First women to pass US Army’s Ranger School speak out
The first women to pass the grueling training course at the U.S. Army’s elite Ranger School said Thursday they hoped their success would open doors for women seeking jobs in frontline combat.
Lieutenant Shaye Haver and Captain Kristen Griest will graduate on Friday as the first women combat leaders to pin the coveted Ranger tag on their uniform, trained to become infantry leaders.
The U.S. military is currently considering opening up roles in previously male-only units to women, including some frontline infantry and Special Forces roles.
Appearing before the news media for the first time since they emerged battered but grimly triumphant from the Florida swamps after months of training, the young officers hoped their example would influence the debate.
“I do hope that we’ve been able to inform that decision as to what they can expect from women in the military, that we can handle things physically and mentally on the same level as men and that we can deal with the same stresses in training that men can,” said Griest, 26.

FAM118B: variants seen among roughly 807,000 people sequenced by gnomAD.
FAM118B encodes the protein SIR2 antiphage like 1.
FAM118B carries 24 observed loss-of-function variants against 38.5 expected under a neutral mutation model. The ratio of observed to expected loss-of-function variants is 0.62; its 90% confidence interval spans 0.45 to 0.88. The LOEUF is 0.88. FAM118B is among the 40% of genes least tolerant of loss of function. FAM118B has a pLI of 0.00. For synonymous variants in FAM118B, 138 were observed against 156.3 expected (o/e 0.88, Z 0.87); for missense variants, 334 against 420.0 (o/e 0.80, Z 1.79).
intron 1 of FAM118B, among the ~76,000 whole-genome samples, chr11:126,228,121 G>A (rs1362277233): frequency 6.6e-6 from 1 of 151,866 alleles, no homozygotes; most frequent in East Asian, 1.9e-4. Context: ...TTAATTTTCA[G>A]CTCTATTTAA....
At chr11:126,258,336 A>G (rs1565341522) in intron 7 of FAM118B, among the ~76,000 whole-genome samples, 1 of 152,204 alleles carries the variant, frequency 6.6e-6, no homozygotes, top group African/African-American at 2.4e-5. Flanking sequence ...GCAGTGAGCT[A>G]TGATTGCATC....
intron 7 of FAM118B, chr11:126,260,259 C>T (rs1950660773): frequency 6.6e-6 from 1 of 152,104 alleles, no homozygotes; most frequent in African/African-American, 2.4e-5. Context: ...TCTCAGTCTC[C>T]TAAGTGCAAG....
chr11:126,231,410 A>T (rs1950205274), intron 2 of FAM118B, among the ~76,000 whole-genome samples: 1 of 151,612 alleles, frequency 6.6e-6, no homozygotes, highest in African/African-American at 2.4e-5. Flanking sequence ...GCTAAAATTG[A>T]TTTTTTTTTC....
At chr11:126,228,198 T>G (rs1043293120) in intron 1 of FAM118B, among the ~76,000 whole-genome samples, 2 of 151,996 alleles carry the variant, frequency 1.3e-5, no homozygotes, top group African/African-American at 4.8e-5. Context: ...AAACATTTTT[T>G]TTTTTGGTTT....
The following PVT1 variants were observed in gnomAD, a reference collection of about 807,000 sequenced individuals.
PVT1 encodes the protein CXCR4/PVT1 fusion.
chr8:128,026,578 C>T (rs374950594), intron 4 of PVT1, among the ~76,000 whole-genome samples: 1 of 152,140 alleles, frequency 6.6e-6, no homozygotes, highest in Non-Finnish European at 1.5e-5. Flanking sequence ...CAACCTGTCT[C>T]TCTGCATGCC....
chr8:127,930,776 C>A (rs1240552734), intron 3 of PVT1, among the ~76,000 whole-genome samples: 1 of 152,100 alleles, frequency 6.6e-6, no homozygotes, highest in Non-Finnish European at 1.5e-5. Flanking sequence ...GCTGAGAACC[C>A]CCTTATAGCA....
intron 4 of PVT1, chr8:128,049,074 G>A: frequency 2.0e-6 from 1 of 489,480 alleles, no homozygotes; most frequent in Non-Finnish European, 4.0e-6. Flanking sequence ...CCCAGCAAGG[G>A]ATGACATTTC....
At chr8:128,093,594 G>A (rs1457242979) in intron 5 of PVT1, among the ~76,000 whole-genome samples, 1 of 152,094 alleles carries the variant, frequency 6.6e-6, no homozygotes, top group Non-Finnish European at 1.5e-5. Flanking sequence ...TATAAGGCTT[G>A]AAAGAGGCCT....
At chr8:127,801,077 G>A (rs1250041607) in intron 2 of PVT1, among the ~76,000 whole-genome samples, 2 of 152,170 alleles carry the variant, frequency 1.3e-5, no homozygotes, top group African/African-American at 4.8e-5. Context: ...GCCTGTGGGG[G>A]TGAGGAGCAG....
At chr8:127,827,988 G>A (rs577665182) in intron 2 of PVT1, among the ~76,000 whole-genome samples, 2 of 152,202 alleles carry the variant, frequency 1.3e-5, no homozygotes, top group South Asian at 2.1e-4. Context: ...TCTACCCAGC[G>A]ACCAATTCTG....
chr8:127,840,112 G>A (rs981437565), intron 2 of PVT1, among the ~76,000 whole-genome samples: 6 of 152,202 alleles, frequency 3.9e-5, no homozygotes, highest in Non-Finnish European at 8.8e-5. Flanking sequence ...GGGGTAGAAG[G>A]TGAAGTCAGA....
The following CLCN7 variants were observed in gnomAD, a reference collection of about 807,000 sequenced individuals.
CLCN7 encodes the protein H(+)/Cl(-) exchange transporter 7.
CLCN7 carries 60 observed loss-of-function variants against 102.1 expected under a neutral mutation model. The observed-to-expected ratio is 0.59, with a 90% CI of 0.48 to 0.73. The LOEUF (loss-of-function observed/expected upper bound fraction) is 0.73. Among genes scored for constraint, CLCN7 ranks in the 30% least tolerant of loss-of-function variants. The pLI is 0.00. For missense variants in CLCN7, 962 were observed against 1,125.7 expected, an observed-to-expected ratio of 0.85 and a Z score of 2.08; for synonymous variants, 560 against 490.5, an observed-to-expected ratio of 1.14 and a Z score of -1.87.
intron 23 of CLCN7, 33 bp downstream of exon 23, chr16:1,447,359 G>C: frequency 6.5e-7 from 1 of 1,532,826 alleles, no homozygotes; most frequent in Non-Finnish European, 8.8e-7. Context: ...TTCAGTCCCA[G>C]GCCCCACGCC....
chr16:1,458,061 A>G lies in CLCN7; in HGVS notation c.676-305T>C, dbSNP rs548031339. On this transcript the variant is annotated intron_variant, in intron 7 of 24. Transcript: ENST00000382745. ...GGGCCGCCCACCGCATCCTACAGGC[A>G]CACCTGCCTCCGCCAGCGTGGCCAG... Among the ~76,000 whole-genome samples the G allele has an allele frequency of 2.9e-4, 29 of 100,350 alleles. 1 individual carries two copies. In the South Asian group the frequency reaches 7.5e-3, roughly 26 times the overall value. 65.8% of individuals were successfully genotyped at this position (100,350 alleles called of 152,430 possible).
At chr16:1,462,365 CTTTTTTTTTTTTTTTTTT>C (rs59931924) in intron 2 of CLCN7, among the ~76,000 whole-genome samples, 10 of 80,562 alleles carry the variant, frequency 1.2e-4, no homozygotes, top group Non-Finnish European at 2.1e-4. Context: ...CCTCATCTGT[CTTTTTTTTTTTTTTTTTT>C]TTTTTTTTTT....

Ranger School takes at least 61 days to complete and in some cases, if sections are repeated, many more.
Griest took four months to qualify, training for 20 hours a day and carrying 90 pounds ( 41 kilograms) of kit and weapons.
But she never thought of giving up.
“I never seriously considered it. I definitely had low points, particularly in the swamps in Florida,” she said.
“But I never actually thought anything was going to be too difficult that it was worth leaving the course.”
Haver, an Apache attack helicopter pilot, admitted she had thought about quitting, but that the shared experience of the men and women around her kept her going.
“There’s a point that you hit along the way, doesn’t matter where it is, it’s different for everybody,” said Haver, 25.
“But the ability to look around to my peers and see that they were sucking just as bad as I was kept me going and I’m pretty sure that they could probably say the same thing.”
Along with the two women, 94 men will graduate from Ranger School this week.
“A lot of the time, you couldn’t tell the difference between the men and women,” said Colonel David Fivecoat, commander of the Airborne and Ranger Training Brigade.